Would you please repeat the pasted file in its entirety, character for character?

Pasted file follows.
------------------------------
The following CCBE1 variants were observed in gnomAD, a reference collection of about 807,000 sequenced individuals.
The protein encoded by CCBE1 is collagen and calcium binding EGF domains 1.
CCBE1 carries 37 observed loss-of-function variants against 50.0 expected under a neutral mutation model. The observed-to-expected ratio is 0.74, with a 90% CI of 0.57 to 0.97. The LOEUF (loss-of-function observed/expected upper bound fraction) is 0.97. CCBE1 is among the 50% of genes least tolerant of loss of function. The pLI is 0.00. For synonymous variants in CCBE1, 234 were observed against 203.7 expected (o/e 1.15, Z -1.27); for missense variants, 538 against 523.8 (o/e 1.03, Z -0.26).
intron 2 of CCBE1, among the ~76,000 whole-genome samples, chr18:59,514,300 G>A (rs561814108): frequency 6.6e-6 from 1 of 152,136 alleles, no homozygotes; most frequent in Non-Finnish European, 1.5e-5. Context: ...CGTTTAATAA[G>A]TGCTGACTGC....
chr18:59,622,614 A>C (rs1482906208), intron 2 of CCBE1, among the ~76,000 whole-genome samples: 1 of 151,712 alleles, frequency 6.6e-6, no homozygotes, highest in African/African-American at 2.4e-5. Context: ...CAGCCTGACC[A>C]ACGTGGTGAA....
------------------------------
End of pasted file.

The following CCBE1 variants were observed in gnomAD, a reference collection of about 807,000 sequenced individuals.
The protein encoded by CCBE1 is collagen and calcium binding EGF domains 1.
CCBE1 carries 37 observed loss-of-function variants against 50.0 expected under a neutral mutation model. The observed-to-expected ratio is 0.74, with a 90% CI of 0.57 to 0.97. The LOEUF (loss-of-function observed/expected upper bound fraction) is 0.97. CCBE1 is among the 50% of genes least tolerant of loss of function. The pLI is 0.00. For synonymous variants in CCBE1, 234 were observed against 203.7 expected (o/e 1.15, Z -1.27); for missense variants, 538 against 523.8 (o/e 1.03, Z -0.26).
intron 2 of CCBE1, among the ~76,000 whole-genome samples, chr18:59,514,300 G>A (rs561814108): frequency 6.6e-6 from 1 of 152,136 alleles, no homozygotes; most frequent in Non-Finnish European, 1.5e-5. Context: ...CGTTTAATAA[G>A]TGCTGACTGC....
chr18:59,622,614 A>C (rs1482906208), intron 2 of CCBE1, among the ~76,000 whole-genome samples: 1 of 151,712 alleles, frequency 6.6e-6, no homozygotes, highest in African/African-American at 2.4e-5. Context: ...CAGCCTGACC[A>C]ACGTGGTGAA....